W3C home > Mailing lists > Public > www-html@w3.org > May 2007

Re: Cleaning House

From: James Graham <jg307@cam.ac.uk>
Date: Wed, 02 May 2007 23:44:49 +0100
Message-ID: <46391461.3060606@cam.ac.uk>
To: "Patrick H. Lauke" <redux@splintered.co.uk>
Cc: www-html@w3.org, public-html@w3.org

Patrick H. Lauke wrote:
> 
> Maciej Stachowiak wrote:
> 
>>> 1.  How long do we need to continue to support deprecated tags?
>>
>> Probably forever. At least, I don't think the content using them will 
>> disappear entirely from the web any time soon, if ever.
> 
> But the content using them is written in older (<5) versions of HTML, so 
> why is that relevant (unless you want 100% backwards compatibility, in 
> which case you should also reintroduce things that have already been 
> dropped, like TT, BIG, STRIKE, S and U). Treat them as unrecognised 
> elements, rather than ratifying their use for yet another standards 
> round...

Browser vendors have made it clear that all those tags will still be 
supported in releases for the foreseeable future. There is nothing this 
working group can do about that; we have no sticks and I can't imagine 
what would constitute a appetising enough carrot. Therefore we have a 
binary choice: specify how the deprecated and obsoleted features should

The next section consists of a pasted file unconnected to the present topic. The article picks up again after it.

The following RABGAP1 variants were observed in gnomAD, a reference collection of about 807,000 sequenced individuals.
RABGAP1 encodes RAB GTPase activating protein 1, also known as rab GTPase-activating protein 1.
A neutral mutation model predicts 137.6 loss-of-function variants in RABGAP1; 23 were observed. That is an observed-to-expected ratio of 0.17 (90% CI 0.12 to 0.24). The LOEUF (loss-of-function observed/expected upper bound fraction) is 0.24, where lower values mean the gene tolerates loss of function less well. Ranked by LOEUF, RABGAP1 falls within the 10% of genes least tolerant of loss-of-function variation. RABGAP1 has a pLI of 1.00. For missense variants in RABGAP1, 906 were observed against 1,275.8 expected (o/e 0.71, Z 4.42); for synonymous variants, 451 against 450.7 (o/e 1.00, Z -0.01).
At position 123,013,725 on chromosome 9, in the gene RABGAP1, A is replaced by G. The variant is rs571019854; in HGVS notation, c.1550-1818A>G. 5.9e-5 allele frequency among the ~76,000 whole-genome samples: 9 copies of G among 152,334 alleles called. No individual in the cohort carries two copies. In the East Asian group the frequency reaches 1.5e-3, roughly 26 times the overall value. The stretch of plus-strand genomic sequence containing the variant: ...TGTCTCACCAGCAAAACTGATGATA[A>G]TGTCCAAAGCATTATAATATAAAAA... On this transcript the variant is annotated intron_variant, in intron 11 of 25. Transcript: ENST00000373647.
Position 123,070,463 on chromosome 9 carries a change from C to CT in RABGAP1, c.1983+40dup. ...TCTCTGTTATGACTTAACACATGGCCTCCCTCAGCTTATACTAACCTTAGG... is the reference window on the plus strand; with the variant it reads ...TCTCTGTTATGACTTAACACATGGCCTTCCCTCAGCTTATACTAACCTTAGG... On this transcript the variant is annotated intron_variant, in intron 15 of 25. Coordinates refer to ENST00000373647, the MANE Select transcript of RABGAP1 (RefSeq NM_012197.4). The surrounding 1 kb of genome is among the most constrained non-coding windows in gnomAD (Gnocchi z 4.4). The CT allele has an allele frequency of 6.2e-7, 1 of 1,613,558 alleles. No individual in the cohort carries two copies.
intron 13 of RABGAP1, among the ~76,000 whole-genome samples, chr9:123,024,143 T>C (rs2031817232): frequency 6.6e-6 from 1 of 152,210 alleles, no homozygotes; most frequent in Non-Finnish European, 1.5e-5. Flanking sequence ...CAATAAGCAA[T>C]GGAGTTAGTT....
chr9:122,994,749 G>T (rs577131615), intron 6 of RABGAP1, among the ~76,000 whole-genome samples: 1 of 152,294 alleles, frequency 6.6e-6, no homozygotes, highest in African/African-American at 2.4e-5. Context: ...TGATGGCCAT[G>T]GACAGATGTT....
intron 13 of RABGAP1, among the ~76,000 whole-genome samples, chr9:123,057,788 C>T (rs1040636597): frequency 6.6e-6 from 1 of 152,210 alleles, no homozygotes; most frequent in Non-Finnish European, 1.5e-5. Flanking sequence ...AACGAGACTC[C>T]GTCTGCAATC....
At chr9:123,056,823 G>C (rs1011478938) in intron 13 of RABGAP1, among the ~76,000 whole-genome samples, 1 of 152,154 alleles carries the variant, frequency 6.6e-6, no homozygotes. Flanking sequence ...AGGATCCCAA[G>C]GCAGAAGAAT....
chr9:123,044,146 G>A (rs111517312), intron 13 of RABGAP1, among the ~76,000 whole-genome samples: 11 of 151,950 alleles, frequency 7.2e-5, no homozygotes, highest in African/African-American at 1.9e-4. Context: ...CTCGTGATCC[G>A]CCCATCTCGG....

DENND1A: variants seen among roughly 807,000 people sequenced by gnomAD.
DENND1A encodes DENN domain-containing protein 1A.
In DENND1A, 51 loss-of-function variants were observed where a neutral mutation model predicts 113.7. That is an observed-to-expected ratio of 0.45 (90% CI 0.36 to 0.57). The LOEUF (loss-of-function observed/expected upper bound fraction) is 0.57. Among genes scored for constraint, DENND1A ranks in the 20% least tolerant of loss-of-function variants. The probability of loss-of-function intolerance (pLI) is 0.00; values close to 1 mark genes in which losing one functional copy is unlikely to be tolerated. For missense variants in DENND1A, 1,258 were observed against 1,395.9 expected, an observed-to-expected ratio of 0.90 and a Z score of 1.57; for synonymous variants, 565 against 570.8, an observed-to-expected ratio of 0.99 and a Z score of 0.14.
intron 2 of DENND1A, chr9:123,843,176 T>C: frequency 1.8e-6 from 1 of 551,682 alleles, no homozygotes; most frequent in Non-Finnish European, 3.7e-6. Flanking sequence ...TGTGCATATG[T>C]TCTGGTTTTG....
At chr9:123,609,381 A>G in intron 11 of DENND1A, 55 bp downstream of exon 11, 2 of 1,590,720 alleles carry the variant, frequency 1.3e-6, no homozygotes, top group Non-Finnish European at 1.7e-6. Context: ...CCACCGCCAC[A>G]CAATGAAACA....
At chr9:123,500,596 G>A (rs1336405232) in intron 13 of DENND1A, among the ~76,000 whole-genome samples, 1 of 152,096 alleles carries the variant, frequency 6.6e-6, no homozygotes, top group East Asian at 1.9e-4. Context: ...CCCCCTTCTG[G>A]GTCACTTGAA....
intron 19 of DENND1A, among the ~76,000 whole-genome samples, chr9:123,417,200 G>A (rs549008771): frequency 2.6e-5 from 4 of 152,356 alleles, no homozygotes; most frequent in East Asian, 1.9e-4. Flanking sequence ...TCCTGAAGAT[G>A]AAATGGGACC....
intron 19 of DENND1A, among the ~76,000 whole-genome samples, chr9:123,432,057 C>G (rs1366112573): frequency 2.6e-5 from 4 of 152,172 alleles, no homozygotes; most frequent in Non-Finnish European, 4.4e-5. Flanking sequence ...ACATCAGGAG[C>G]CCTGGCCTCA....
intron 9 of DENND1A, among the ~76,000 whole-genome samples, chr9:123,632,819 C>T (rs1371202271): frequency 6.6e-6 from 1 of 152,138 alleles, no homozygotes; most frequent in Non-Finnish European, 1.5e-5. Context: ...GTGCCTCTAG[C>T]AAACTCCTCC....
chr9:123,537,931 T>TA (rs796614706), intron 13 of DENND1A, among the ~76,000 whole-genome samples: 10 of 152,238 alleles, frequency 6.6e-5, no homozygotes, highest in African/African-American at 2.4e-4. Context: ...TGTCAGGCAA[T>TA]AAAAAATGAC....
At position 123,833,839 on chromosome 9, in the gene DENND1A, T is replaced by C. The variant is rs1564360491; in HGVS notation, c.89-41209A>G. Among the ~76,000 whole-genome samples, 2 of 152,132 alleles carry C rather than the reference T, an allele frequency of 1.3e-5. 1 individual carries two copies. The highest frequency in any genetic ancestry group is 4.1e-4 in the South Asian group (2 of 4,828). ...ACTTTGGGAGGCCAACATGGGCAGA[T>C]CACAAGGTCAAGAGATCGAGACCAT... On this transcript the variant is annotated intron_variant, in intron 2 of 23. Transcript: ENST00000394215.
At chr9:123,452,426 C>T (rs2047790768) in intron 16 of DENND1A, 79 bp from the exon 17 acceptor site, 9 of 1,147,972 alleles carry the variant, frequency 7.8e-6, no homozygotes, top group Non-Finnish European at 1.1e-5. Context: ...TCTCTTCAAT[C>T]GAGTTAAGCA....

work in UAs and so make the web better by improving interoperability or 
refuse to specify how they should work and maintain the status quo where 
any interoperability that happens to exist is the result of tedious, 
error prone, reverse engineering of market-leading implementations.

Note that, as has been said before, this is an entirely separate issue 
from whether we should make these tags conforming in documents. For 
example, there is no need for a document containing <big> to pass a 
conformance check just because UAs have some behavior when they 
encounter it.

Creating a culture where authors naturally value conformance checking, 
plus sound arguments as to /why/ using deprecated/obsolete features and 
invalid markup is bad /for the author/ are the best carrots we have to 
make authors clean up their own markup output. This has worked in the 
past; much of the current trend toward clean HTML and CSS has come from 
reasoning based on self-interest e.g. [1]. I believe this is the best 
approach to take going forward.

[1] http://www.adaptivepath.com/publications/essays/archives/000266.php


-- 
"Instructions to follow very carefully.
Go to Tesco's.  Go to the coffee aisle.  Look at the instant coffee. 
Notice that Kenco now comes in refil packs.  Admire the tray on the 
shelf.  It's exquiste corrugated boxiness. The way how it didn't get 
crushed on its long journey from the factory. Now pick up a refil bag. 
Admire the antioxidant claim.  Gaze in awe at the environmental claims 
written on the back of the refil bag.  Start stroking it gently, its my 
packaging precious, all mine....  Be thankful that Amy has only given 
you the highlights of the reasons why that bag is so brilliant."
-- ajs
Received on Wednesday, 2 May 2007 22:46:20 GMT

This archive was generated by hypermail 2.2.0+W3C-0.50 : Tuesday, 27 March 2012 18:16:10 GMT